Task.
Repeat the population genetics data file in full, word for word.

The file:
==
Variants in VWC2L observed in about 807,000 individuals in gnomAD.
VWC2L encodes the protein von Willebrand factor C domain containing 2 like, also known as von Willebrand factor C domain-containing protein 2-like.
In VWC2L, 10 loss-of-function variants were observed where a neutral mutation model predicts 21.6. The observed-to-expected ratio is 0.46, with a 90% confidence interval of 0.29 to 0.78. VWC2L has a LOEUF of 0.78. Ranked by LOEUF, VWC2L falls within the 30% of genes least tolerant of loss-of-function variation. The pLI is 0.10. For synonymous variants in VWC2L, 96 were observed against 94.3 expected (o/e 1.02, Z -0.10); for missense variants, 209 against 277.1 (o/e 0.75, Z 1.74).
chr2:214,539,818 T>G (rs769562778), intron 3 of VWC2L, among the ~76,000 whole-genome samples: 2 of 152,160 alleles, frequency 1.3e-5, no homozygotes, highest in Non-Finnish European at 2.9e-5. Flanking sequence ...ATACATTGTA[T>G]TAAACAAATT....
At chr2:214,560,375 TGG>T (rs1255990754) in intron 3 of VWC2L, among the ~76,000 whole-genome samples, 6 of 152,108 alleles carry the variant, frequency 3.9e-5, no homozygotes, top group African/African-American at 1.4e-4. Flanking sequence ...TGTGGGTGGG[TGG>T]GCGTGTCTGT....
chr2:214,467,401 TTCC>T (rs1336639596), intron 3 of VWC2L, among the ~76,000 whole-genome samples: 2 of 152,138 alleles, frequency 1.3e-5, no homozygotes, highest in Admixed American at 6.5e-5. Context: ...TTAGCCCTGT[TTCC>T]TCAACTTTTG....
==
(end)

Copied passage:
Variants in VWC2L observed in about 807,000 individuals in gnomAD.
VWC2L encodes the protein von Willebrand factor C domain containing 2 like, also known as von Willebrand factor C domain-containing protein 2-like.
In VWC2L, 10 loss-of-function variants were observed where a neutral mutation model predicts 21.6. The observed-to-expected ratio is 0.46, with a 90% confidence interval of 0.29 to 0.78. VWC2L has a LOEUF of 0.78. Ranked by LOEUF, VWC2L falls within the 30% of genes least tolerant of loss-of-function variation. The pLI is 0.10. For synonymous variants in VWC2L, 96 were observed against 94.3 expected (o/e 1.02, Z -0.10); for missense variants, 209 against 277.1 (o/e 0.75, Z 1.74).
chr2:214,539,818 T>G (rs769562778), intron 3 of VWC2L, among the ~76,000 whole-genome samples: 2 of 152,160 alleles, frequency 1.3e-5, no homozygotes, highest in Non-Finnish European at 2.9e-5. Flanking sequence ...ATACATTGTA[T>G]TAAACAAATT....
At chr2:214,560,375 TGG>T (rs1255990754) in intron 3 of VWC2L, among the ~76,000 whole-genome samples, 6 of 152,108 alleles carry the variant, frequency 3.9e-5, no homozygotes, top group African/African-American at 1.4e-4. Flanking sequence ...TGTGGGTGGG[TGG>T]GCGTGTCTGT....
chr2:214,467,401 TTCC>T (rs1336639596), intron 3 of VWC2L, among the ~76,000 whole-genome samples: 2 of 152,138 alleles, frequency 1.3e-5, no homozygotes, highest in Admixed American at 6.5e-5. Context: ...TTAGCCCTGT[TTCC>T]TCAACTTTTG....